Witness: Ivorian woman pushed off 6th floor for demanding salary

Ivory Coast-based Koaci.com has learned that a young Ivorian woman was found dead after having been reportedly pushed off the 6th floor of an apartment following a suspected feud with her sponsor concerning her salary payment. The following is an English translation of the original French which can be found here. A graphic image of the victim can be found at the end of the post. Viewer discretion is advised.

The text states:

“A young Ivorian woman of around 20 years old was found dead after having been reportedly pushed off the 6th floor of a building for demanding her salary in Beirut, Lebanon. 

This was reported to Koaci.com by a young Cameroonian woman, after the revelations by her sister, who is a neighbor of the victim. 

According to her neighbor, whose name can’t be revealed, the young victim was pushed out of the 6th floor of a building in Asharfir – Note: She might have meant Achrafieh -, a neighborhood in the city of Beirut in Lebanon on Tuesday the 1st of July.

She was asking for her salary and the man, refusing, apparently pushed her out of anger. 

This young expatriate reportedly left the Ivory Coast years ago to work as a domestic worker in Lebanon, a common scenario for many young Ivorian women.

Stories such as this one are unfortunately very common in Lebanon.

A few months ago, after a revelation by Koaci.com that a group of African women were being tortured, they were successfully repatriated from Lebanon.” – Note: this was covered in a previous post.

On the website Congo Synthese, the name of the neighbor was revealed to be Migginawa Hamann who posted on Facebook the following:

“I would first like to ask my Cameroonian sisters who are always promised paradise in that country [Lebanon] that once you’re there, it is hell. Women are tortured all the time.”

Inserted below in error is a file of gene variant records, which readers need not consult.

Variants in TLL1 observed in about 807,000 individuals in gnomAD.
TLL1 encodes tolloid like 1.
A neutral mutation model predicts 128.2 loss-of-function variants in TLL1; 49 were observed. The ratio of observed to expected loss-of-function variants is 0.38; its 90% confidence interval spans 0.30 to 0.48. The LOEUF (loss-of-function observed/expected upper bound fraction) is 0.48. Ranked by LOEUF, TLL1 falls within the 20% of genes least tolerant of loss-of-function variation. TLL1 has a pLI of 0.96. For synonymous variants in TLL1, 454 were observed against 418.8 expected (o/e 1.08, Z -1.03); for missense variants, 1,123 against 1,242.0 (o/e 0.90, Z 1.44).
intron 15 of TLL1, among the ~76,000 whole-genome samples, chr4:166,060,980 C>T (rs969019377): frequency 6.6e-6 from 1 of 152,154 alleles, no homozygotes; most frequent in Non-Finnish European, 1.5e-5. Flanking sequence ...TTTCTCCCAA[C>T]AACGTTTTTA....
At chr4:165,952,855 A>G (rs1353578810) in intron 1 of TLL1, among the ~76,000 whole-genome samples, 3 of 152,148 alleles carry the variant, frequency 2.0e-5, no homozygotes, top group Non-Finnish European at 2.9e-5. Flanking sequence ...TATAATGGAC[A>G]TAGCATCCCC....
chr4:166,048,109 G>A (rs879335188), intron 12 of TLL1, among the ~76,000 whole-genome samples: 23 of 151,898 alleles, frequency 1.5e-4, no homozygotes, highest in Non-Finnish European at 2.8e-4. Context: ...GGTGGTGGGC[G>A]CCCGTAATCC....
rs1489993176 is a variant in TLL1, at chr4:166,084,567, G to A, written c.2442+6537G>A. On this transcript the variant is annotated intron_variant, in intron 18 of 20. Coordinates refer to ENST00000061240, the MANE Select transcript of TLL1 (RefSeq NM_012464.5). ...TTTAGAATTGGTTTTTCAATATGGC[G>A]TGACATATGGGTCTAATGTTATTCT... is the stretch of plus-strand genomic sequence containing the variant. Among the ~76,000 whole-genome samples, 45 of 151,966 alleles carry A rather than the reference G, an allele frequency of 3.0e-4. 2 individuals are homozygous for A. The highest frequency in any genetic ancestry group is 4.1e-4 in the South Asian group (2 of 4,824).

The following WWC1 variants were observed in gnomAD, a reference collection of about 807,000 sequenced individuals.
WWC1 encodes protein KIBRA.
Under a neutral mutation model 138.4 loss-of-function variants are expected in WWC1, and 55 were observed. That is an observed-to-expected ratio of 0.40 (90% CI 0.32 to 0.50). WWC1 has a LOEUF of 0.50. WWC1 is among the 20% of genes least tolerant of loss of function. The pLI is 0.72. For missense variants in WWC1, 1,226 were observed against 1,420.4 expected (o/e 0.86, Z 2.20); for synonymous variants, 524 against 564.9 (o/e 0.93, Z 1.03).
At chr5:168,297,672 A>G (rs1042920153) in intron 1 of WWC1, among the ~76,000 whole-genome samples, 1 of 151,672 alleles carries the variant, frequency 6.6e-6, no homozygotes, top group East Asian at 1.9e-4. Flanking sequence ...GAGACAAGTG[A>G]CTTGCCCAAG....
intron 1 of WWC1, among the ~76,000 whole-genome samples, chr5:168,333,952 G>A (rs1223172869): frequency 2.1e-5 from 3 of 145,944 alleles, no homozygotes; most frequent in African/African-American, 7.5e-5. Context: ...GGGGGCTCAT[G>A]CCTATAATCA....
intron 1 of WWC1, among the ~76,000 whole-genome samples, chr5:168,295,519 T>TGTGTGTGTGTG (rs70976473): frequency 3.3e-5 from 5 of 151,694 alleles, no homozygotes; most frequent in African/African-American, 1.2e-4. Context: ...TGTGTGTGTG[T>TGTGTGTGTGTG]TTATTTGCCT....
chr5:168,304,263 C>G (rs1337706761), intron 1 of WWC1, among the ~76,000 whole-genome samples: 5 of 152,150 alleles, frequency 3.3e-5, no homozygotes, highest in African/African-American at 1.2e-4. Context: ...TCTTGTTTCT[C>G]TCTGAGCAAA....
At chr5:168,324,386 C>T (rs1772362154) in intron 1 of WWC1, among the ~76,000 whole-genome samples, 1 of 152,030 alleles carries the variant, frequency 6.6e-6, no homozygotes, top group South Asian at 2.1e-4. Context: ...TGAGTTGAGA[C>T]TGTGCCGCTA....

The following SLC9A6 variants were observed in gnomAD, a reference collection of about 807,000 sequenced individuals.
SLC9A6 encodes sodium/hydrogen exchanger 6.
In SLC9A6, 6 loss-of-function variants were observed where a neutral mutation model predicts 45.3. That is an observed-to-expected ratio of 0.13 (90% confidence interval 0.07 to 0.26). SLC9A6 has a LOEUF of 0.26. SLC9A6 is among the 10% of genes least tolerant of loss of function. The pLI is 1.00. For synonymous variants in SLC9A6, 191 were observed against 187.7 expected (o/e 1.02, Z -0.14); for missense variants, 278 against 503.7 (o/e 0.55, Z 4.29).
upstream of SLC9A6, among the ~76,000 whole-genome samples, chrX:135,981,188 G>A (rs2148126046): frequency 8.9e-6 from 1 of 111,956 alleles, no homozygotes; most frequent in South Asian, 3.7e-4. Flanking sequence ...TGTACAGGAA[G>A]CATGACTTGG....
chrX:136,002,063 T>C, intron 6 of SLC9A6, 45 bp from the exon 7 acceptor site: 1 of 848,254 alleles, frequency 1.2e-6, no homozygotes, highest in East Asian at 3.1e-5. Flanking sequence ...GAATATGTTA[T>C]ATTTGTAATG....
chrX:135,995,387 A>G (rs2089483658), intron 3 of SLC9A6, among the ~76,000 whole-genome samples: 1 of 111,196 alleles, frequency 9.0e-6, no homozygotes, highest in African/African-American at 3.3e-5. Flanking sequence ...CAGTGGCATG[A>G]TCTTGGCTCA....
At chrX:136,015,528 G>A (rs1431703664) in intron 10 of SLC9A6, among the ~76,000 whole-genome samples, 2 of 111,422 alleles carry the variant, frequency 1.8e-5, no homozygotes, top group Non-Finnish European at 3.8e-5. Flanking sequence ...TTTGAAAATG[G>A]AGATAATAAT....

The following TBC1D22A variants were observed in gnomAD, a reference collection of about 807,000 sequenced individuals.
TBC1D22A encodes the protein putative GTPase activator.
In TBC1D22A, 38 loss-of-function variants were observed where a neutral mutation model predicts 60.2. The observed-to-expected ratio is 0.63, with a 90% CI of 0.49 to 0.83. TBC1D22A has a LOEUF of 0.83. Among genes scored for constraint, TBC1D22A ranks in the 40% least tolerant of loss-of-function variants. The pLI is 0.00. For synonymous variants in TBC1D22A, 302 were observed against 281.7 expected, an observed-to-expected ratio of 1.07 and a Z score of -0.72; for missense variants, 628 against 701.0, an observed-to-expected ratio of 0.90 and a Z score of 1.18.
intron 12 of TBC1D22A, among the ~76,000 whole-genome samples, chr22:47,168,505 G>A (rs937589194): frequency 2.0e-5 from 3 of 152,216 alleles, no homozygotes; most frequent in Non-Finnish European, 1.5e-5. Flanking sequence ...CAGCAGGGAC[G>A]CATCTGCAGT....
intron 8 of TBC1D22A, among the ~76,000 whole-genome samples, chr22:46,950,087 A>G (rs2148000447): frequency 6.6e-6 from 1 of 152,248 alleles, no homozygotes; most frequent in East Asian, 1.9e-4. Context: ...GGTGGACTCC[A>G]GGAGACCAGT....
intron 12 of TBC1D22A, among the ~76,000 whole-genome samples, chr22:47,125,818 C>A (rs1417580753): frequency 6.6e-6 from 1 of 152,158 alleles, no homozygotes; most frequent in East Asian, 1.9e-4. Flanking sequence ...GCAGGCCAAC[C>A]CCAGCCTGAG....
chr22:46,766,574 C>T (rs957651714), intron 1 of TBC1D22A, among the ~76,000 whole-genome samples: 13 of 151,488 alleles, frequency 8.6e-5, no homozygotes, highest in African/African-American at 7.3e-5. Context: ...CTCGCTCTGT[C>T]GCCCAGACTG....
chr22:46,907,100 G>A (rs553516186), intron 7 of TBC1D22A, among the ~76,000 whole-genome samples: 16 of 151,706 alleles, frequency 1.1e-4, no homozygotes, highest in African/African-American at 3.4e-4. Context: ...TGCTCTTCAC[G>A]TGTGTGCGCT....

Picture of the victim provided by Koaci.com
Picture of the victim provided by Koaci.com

I ask the Lebanese authorities to launch an immediate investigation into this case and to hold the criminal responsible for his actions.

As most of you know, this is not a rare occurrence in Lebanon. Many migrant workers fall victims to the Kafala system which seriously limits most of their human rights and opens up the door to exploitation of the worst kind. As explained by Human Rights Watch in its 2014 report on Lebanon:

“Migrant domestic workers are excluded from the labor law and subject to restrictive immigration rules based on employer-specific sponsorship—the kafala system—which put workers at risk of exploitation and abuse. While outgoing Labor Minister Charbel Nahhas announced in January 2012 that he would look at abolishing the kafala system, in 2013 Labor Minister Salim Jreissati failed to do so or to put forward legislation that would protect the estimated 200,000 migrant domestic workers in the country. In July, a criminal court sentenced an employer to two months in prison, imposed a fine, and required her to pay damages and compensation to a migrant domestic worker whose wages she had not paid for years. Migrant domestic workers suing their employers for abuse continue, however, to face legal obstacles and risk imprisonment and deportation due to the restrictive visa system.”

I have reported on a few on them over the years and they can be found under the “Racism & Labor Rights” category.

The Kafala system must be abolished.

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2 Comments

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  1. Reblogged this on Ned Hamson Second Line View of the News and commented:
    Noted – not liked – Lebanon is not the only nation to abuse contract workers but… it should not even be on the list and perhaps it will less likely to also result in death if the state now takes tis seriously and brings the killer to justice. The photo of the dead woman, moments after being push to her death is graphic but so is the abuse daily of women in private.

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